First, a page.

Letter To The Editor: Student Government Antisemitism Resolution

Letter+To+The+Editor%3A+Student+Government+Antisemitism+Resolution

Barry Trachtenberg, Michaelle Browers

While we applaud the Student Government’s intention to combat antisemitism on campus, the resolution passed in December 2018 (and slightly amended in January 2019), Student Resolution 6 “Supporting Wake Forest’s Jewish Community by Recognizing and Fighting Anti-Semitism and Acts of Bigotry” will do little to combat anti-Jewish hatred and instead threatens to curb dramatically free speech and academic inquiry.

In spite of the well intentions of the student legislators, the language of the resolution draws from and duplicates a larger legislative effort taking place nationwide that is less concerned with combatting actual occurrences of antisemitism than with trying to suppress growing criticism on college campuses over Israel’s treatment of Palestinians and the United States’ complicity with it. As campus groups such as Students for Justice in Palestine, Jewish Voice for Peace and Open Hillel become more active and convince their fellow students to take a closer look at the desperate situation of Palestinians living under Israeli occupation, pro-Israel organizations such as Students Supporting Israel, Birthright, the Anti-Defamation League, AIPAC and the Simon Wiesenthal Center find themselves on the defensive and seek to cast these groups as inherently antisemitic. Since they are losing the battle over student opinion on a fair playing field of public debate on college campuses, supporters of this legislation are trying to demolish the entire field and stop any debate from occurring at all.

This legislation utilizes a questionable definition of antisemitism to determine if a wide array of incidents on college campuses, including student protest, are in violation of current anti-discrimination law. The definition  of antisemitism is one formerly employed by the State Department and is written in such a way that even many of the current debates concerning Israel that occur among Jews in Israel and within the American Jewish community would themselves be classified as antisemitic. Even the original author of the definition has testified that it is inappropriate for the purposes of legislation and, when used as a standard on college campuses, “will actually harm Jewish students and have a toxic effect on the academy.”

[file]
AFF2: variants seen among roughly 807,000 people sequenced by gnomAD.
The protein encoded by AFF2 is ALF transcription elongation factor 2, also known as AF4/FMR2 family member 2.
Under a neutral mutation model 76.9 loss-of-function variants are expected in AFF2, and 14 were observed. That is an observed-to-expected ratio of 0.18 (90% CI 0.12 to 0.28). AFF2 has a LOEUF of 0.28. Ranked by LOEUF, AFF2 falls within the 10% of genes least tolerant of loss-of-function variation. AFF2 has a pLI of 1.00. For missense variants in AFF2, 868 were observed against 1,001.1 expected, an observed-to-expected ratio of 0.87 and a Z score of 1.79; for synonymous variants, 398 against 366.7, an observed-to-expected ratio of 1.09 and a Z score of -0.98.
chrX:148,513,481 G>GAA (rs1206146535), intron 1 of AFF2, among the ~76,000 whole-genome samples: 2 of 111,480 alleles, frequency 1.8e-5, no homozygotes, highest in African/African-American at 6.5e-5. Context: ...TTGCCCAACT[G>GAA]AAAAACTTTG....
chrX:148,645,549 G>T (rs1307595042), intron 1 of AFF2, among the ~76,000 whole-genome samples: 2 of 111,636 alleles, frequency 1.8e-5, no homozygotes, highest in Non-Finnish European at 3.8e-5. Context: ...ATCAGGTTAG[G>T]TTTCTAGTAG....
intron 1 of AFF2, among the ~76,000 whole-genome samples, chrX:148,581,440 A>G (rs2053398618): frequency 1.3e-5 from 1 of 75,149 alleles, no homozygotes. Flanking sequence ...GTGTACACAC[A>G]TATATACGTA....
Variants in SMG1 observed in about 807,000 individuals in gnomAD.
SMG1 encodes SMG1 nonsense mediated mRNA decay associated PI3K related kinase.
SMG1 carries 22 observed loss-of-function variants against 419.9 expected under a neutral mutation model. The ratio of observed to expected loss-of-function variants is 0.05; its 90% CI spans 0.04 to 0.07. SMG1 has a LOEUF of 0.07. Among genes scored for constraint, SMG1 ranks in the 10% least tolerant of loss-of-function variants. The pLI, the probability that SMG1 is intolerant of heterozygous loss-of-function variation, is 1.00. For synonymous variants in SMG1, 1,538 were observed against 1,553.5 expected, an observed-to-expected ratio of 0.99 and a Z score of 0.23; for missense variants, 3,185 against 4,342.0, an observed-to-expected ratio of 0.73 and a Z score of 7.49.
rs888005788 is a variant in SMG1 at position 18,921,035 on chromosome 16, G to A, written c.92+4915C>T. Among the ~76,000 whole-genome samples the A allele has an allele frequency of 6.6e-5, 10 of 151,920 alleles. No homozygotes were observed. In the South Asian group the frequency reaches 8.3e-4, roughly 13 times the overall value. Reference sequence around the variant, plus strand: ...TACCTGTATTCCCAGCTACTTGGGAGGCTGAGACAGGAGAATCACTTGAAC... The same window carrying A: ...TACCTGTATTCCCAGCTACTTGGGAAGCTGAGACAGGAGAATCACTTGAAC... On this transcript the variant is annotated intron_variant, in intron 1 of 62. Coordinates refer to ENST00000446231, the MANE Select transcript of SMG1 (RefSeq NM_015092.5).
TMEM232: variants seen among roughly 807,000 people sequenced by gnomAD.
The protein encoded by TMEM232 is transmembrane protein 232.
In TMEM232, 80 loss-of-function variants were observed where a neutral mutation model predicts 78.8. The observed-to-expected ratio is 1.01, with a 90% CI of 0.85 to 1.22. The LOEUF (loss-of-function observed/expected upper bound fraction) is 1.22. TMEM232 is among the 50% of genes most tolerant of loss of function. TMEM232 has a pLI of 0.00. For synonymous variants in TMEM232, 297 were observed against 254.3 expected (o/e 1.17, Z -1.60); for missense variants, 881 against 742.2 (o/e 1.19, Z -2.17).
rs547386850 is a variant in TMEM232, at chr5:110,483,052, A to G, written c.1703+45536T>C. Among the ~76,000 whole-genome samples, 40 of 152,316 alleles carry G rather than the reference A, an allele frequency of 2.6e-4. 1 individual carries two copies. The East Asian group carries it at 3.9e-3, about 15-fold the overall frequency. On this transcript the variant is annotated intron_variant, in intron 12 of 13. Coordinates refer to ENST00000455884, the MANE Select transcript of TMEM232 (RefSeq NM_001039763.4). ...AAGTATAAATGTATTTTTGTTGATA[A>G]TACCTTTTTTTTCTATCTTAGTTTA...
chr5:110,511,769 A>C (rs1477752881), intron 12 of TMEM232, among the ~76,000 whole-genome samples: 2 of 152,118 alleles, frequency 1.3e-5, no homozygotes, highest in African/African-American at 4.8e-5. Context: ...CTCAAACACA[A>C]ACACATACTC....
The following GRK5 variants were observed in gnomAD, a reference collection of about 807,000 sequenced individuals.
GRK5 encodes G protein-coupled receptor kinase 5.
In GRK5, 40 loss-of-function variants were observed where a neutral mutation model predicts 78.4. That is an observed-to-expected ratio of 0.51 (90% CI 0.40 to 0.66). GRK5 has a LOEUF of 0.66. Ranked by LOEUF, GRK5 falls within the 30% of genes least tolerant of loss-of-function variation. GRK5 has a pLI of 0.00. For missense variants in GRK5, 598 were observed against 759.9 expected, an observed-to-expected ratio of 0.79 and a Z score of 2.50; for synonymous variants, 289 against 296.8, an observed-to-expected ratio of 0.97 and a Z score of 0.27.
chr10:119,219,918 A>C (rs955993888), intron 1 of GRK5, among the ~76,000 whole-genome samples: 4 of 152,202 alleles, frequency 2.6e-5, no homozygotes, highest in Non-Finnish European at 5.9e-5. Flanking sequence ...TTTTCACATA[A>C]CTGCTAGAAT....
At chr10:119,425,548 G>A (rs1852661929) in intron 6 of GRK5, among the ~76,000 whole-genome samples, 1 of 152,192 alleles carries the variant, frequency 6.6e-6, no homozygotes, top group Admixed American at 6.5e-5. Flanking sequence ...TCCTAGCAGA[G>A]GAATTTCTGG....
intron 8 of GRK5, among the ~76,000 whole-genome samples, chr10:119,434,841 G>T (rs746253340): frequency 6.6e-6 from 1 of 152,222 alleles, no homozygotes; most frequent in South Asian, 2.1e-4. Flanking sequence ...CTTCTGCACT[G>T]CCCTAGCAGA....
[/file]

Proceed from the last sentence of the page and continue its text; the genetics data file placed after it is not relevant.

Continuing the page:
The truth is that S.R. 6 is a part of a broader attempt to suppress student activism and academic speech that is in support of Palestinian human rights. The bill defines opposition to Israeli government policy as antisemitism, equates Judaism with Zionism and threatens to penalize student groups that engage in Palestinian human rights.

Such legislation will do nothing to stop actual antisemitism on college campuses, which, like ethnic hatred of all sorts, has been growing since the election of President Trump. Just as African-American, Muslim, Arab, Native American and Latinx students face increased hostility, so too have many Jewish students experienced hatred from white supremacists. All of these forms of hatred and intolerance are out of bounds and must be resisted wherever and whenever they occur. 

Criticism of Israel, be its policies, laws, or even existence as a Jewish state, is not the same thing as antisemitism, even if some antisemites couch their hatred in criticisms of Israel. Although identification with Zionism may be a core belief among many Jews, Israel remains a country complete with borders, a military, an electoral system, a nuclear arsenal and a complicated history that involves both the rescue of one people and the forced displacement of another. As is the case with all other countries in the world, Israel must be subject to critical debate and scholarly inquiry. It can be protested, contested, challenged and even boycotted. Students and faculty should not be placed in violation of the law for doing so.

Michaelle Browers, Professor and associate chair of Wake Forest University’s Department of Politics and International Affairs, director of the Middle East and South Asia Studies Program

Barry Trachtenberg, Rubin chair of Jewish History, director of the Jewish Studies Program at Wake Forest University.